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Steamworks Documentation
Frequently Asked Questions

Company Information

  • Q. Do I need a US Taxpayer ID before completing the paperwork?

    A. You will need to complete all required information before we can fully set you up in Steamworks. If you are requesting an ITIN or EIN for the purposes of tax withholding, please wait until you have the necessary ID in hand before completing the digital paperwork.
  • Q. Should I form a corporation?

    A. That is entirely up to you. Many other developers have found it to be beneficial to form a legal entity such as a corporation, but it depends on you and your situation. If in doubt, you may want to hire a lawyer to get proper legal advice on the benefits and costs of forming a legal entity. If you do plan to form a legal entity, you will need to do so before proceeding through the digital paperwork.
  • Q. Can I use special characters unique to my local language in completing the paperwork?

    A. No, do not use special characters that are unique to a language other than English.
  • Q. Can I complete the paperwork as a partnership?

    A. If you have a partnership registered in the United States or if your partnership exists outside the US and the partnership is taxed at the partnership level, then yes. However, if your partnership exists outside the US, and the partnership is taxed at the individual partner(s) versus the partnership level, then no. Due to the complexity of obtaining proper tax documentation, we cannot support such non-US partnerships as a legal entity within Steamworks.
  • Q. Can I enter an alias/nickname when I onboard?

    A. No. You must enter your legal first and last name when onboarding. Do not enter an alias or nickname during the onboarding process.
  • Q. What should I enter as my Company’s Legal Name?

    A. The name you enter must be the legal entity that owns or has rights to publish the game, and is the legal entity that will be signing the Steam Distribution Agreement. The company name you enter here must match the name as written on official documents with your bank and on United States IRS tax documents or foreign tax documents, if applicable.
  • Q. What should I enter as my Company’s Legal Name if I’m a sole proprietor?

    A. Do not enter your Doing Business As (“DBA”) or “friendly name” or alias/nickname. Please enter your full legal name. The name you enter here must match the name as written on official documents with your bank and on United States IRS tax documents or foreign tax documents, if applicable.
  • Q. Where do I change my address?

    A. You can change your address by clicking on the ‘View and edit company information’ from the Steamworks home page. This link is located under Tools + Links in the righthand column/frame of the page. Please contact the user who has Actual Authority rights for your organization on Steamworks (this is usually the person who completed the initial paperwork with Valve). Please note if you are changing your country of residence, you will be required to go through the tax interview again to establish your new rate of withholding tax based on your new circumstances.
  • Q. I changed my legal name (and banking and tax information). How do I make this change on Steamworks?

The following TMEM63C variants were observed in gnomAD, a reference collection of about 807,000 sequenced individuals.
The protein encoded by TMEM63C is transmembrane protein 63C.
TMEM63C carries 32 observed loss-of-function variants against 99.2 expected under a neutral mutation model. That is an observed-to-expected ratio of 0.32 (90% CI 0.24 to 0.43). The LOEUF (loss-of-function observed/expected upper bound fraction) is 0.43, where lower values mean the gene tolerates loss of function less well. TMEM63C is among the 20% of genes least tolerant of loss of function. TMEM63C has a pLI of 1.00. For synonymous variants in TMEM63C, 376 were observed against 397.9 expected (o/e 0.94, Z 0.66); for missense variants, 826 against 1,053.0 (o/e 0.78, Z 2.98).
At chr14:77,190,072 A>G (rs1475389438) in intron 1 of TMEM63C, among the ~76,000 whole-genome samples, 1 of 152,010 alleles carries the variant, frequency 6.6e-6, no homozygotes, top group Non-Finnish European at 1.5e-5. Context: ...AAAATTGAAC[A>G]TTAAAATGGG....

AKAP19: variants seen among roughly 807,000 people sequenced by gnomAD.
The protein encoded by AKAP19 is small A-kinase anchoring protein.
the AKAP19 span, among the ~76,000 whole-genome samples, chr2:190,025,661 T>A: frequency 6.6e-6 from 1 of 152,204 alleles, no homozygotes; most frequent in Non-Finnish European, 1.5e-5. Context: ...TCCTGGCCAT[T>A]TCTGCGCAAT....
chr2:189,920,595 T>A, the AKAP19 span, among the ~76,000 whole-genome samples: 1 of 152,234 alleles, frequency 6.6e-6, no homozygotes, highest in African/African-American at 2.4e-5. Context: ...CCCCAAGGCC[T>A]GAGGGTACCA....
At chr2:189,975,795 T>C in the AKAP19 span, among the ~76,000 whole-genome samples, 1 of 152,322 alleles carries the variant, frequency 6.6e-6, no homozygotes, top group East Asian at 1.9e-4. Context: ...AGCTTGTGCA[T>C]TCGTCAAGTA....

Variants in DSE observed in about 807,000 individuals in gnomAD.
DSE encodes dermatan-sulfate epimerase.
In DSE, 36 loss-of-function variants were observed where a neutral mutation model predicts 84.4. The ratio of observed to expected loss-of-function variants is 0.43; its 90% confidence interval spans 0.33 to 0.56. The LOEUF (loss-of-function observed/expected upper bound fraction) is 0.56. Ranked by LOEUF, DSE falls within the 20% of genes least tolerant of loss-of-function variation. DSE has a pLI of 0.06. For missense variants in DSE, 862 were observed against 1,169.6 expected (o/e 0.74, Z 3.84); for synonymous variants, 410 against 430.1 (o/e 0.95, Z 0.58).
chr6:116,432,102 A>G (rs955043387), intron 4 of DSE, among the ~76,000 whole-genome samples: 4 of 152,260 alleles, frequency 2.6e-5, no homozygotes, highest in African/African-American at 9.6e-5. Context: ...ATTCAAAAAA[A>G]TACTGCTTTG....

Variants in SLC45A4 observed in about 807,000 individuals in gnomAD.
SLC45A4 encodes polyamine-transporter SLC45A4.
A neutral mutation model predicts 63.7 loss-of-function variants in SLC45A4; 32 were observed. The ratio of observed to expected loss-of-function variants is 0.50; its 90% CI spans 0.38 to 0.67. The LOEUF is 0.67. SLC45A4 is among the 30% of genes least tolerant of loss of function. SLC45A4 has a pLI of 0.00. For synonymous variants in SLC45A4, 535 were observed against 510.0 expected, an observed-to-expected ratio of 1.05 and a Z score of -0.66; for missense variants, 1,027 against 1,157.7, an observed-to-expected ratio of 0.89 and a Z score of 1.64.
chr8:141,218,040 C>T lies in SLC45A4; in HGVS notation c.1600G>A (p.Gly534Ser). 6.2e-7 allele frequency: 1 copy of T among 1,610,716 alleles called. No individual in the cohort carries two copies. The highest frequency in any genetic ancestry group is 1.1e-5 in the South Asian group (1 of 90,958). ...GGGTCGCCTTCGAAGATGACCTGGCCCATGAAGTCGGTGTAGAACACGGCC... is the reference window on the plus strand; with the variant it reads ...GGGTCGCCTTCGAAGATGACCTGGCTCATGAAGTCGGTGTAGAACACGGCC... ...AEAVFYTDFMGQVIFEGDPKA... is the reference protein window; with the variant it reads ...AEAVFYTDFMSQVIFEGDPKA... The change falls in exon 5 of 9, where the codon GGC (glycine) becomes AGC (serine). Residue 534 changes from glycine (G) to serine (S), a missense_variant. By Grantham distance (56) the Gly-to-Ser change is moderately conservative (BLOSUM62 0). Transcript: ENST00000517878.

A. We will have you re-onboard and create a new partner account in your new name. This will result in entering banking and tax in the new name as well. Once this is complete, we will have to send documents terminating the old company’s rights to the IP and move the games over from the old to the new company. Please use this form to contact us and provide us with the Steam account name that you wish to complete the digital paperwork.
  • Q. Are there certain countries/regions, entities or individuals Valve cannot do business with?

    A. The Office of Foreign Assets Control (OFAC) of the U.S. Department of the Treasury administers and enforces economic and trade sanctions based on US foreign policy and national security goals against targeted foreign countries and regimes, terrorists, international narcotics traffickers, those engaged in activities related to the proliferation of weapons of mass destruction and other threats to the national security, foreign policy or economy of the United States. OFAC publish lists of such parties (Specially Designated National List) with whom Valve, as a US company, are prohibited from doing business with. In addition, OFAC administers trade sanctions and embargo programs against specific countries (Sanctioned Countries), such that unlicensed transactions involving those embargoed countries are prohibited or restricted. Many, but not all, of the limitations OFAC imposes are also enforced by other countries besides the US.

    Valve does not do business with or otherwise engage in or facilitate transactions involving individuals or entities that are subject to sanctions or other applicable trade control restrictions. This includes, but is not limited to parties listed on the Specially Designated Nationals (SDN) and Foreign Sanctions Evaders (FSE) Lists maintained by the U.S. Department of the Treasury. In addition, we do not do business with or otherwise engage in or facilitate transactions with individuals or entities in Sanctioned Countries including Crimea, Cuba, Iran, North Korea, and Syria.
  • Q. Where can I find more information on banking info, tax withholding, or payment?

    A. Please see the the Payments FAQ & Tax FAQ